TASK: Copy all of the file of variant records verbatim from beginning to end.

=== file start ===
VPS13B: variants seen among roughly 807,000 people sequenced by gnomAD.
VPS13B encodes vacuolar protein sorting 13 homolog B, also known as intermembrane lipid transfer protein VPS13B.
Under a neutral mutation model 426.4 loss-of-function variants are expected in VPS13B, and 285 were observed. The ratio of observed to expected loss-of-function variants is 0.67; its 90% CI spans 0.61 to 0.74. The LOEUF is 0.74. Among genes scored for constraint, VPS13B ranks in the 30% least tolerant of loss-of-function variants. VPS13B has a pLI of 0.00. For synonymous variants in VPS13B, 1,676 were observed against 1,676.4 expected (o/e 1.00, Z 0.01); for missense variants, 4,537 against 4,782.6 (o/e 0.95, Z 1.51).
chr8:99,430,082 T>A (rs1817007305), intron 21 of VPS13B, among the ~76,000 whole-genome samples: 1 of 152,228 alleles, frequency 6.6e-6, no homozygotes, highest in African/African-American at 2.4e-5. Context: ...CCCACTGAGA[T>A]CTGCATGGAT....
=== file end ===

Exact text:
VPS13B: variants seen among roughly 807,000 people sequenced by gnomAD.
VPS13B encodes vacuolar protein sorting 13 homolog B, also known as intermembrane lipid transfer protein VPS13B.
Under a neutral mutation model 426.4 loss-of-function variants are expected in VPS13B, and 285 were observed. The ratio of observed to expected loss-of-function variants is 0.67; its 90% CI spans 0.61 to 0.74. The LOEUF is 0.74. Among genes scored for constraint, VPS13B ranks in the 30% least tolerant of loss-of-function variants. VPS13B has a pLI of 0.00. For synonymous variants in VPS13B, 1,676 were observed against 1,676.4 expected (o/e 1.00, Z 0.01); for missense variants, 4,537 against 4,782.6 (o/e 0.95, Z 1.51).
chr8:99,430,082 T>A (rs1817007305), intron 21 of VPS13B, among the ~76,000 whole-genome samples: 1 of 152,228 alleles, frequency 6.6e-6, no homozygotes, highest in African/African-American at 2.4e-5. Context: ...CCCACTGAGA[T>A]CTGCATGGAT....